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bible018

Page history last edited by PBworks 12 years, 3 months ago

 

Vulgate Verses: Home - Previous - Next

 

Vulgate Verses 18: Latin

 

202. (Matt. 5:4) Beati mites.

203. (Matt. 5:7) Beati misericordes.

204. (Gal. 3:26) Omnes filii Dei estis.

205. (Sirach 17:32) Omnes homines terra et cinis.

206. (Titus 1:12) Cretenses semper mendaces.

207. (Job 32:9) Non sunt longaevi sapientes.

208. (Psalms 39:12) Peregrinus sum, sicut omnes patres mei.

209. (Tobit 3:2) Omnes viae tuae misericordia et veritas et iudicium.

210. (James 1:8) Vir duplex animo inconstans in omnibus viis suis.

211. (Romans 1:14) Graecis ac barbaris, sapientibus et insipientibus debitor sum.

 

Study Guide

 

202. The verb is implied, but not expressed: Beati (sunt) mites.

203. These verses are referred to as the "Beatitudes" in English, from the Latin beati. For more information, see this wikipedia article.

204. The adjective omnes agrees with the implied subject of the verb: omnes (vos) estis.

205. This verse is from the apocryphal book of Sirach. The verb is implied but not expressed: Omnes homines (sunt) terra et cinis.

206. This is a famous statement made by the philosopher Epimenides, and provides the basis for the so-called "Epimenides paradox." You can read more at wikipedia.

207. The subject, sapientes, comes at the end of the sentence, after the predicate, non sunt longaevi. This kind of word order is typical for Latin, but is sometimes difficult for English-speakers to get used to.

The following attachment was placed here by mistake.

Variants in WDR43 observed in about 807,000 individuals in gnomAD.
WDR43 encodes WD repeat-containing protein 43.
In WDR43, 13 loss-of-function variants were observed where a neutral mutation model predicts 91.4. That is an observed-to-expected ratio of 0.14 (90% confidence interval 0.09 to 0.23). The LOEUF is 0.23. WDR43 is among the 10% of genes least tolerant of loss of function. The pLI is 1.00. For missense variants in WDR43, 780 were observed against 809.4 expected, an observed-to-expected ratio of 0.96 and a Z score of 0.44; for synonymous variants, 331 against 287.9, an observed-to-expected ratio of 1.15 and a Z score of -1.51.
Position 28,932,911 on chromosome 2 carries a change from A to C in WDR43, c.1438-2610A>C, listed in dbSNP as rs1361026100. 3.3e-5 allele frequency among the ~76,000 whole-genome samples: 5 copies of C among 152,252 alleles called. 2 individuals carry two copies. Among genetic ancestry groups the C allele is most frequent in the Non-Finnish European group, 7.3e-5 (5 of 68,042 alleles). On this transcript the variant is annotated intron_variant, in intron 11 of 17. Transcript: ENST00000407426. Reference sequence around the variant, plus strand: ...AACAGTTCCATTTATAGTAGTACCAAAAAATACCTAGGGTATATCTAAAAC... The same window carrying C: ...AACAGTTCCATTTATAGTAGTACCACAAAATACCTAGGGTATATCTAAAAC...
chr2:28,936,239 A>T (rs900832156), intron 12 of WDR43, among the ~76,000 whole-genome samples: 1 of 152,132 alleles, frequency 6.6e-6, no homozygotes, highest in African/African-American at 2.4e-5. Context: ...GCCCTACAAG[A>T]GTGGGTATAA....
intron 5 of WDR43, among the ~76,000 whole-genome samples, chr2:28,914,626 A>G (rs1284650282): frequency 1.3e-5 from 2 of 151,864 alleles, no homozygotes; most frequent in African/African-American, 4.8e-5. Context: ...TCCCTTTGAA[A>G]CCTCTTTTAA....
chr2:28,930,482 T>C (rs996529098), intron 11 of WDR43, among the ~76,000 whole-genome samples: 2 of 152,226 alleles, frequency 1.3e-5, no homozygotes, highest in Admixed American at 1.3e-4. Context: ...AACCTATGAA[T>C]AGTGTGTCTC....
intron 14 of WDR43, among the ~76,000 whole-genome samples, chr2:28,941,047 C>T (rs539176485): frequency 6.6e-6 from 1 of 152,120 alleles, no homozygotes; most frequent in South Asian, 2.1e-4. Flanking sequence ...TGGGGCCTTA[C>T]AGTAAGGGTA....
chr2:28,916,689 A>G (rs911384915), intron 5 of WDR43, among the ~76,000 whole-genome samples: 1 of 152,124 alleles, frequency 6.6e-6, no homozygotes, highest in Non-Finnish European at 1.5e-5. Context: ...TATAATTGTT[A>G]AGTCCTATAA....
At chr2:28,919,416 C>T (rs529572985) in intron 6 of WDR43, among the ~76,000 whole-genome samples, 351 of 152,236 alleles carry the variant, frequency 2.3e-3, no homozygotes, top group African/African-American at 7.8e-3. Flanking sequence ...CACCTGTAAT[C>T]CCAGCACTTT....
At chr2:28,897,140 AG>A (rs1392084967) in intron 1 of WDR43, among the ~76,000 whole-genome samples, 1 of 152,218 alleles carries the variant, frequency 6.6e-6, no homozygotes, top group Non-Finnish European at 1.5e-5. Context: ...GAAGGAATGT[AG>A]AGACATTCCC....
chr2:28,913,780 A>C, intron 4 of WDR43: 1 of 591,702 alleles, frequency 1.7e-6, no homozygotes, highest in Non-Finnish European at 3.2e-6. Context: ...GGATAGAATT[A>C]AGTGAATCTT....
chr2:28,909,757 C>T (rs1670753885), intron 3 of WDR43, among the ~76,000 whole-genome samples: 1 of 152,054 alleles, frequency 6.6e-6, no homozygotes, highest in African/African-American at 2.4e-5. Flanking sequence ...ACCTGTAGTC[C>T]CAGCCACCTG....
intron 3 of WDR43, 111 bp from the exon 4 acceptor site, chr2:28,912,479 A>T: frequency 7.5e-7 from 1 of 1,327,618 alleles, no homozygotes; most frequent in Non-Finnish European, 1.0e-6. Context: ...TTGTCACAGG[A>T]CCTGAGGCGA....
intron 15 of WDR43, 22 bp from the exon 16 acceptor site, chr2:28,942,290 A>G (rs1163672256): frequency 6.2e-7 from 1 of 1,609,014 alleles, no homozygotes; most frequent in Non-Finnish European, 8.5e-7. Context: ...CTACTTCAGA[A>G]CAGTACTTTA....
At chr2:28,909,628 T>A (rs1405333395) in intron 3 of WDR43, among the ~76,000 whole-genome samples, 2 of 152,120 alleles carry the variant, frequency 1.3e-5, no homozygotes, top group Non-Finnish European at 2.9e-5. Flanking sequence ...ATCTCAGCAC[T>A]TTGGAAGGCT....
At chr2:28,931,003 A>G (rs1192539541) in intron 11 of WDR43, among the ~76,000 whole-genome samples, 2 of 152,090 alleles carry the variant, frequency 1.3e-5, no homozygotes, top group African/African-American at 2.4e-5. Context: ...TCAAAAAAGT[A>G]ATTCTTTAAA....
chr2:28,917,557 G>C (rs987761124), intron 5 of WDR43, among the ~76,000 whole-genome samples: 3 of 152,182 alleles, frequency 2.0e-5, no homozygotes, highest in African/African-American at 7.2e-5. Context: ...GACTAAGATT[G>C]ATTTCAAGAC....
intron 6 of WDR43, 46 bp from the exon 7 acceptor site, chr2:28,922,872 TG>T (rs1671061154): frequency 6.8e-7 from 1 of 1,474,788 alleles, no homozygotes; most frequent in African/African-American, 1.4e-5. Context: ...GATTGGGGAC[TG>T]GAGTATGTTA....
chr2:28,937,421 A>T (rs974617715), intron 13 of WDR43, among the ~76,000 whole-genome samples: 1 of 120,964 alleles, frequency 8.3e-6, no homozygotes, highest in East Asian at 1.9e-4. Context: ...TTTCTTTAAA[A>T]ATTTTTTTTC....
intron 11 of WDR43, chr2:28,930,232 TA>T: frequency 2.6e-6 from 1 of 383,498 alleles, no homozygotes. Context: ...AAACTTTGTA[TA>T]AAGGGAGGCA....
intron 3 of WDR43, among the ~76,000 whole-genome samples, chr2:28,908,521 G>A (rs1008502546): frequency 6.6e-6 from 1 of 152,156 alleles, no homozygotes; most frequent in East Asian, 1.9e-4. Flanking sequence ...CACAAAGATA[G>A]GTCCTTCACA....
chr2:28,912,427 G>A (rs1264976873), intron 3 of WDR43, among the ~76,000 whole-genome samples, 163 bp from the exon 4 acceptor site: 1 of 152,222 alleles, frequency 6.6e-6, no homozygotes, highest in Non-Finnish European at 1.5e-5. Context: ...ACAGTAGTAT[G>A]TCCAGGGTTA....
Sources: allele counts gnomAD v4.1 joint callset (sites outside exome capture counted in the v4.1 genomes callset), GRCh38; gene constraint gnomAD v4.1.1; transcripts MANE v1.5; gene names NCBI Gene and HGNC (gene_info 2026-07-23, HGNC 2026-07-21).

208. The etymology of the word peregrinus is someone who crosses over or through, per, the field, ager, someone from beyond the land. The Latin peregrinus ultimately yields the English word "pilgrim," as well as the more Latinate word "peregrination."

209. This verse is from the apocryphal book of Tobit. The verb is implied but not expressed: Omnes viae tuae (sunt) misericordia et veritas et iudicium.

210. The ablative animo plays a descriptive role; we might say in English "at heart" or "in mind." Compare Verse #201. The verb is implied but not expressed: Vir duplex animo (est) inconstans in omnibus viis suis.

211. The noun debitor takes complementary datives: "I am indebted (to)..."

 

I'm adding new Study Guides every day or so at the Vulgate Verses blog. You can subscribe to that blog to get the latest updates on what's available.

 

 

 

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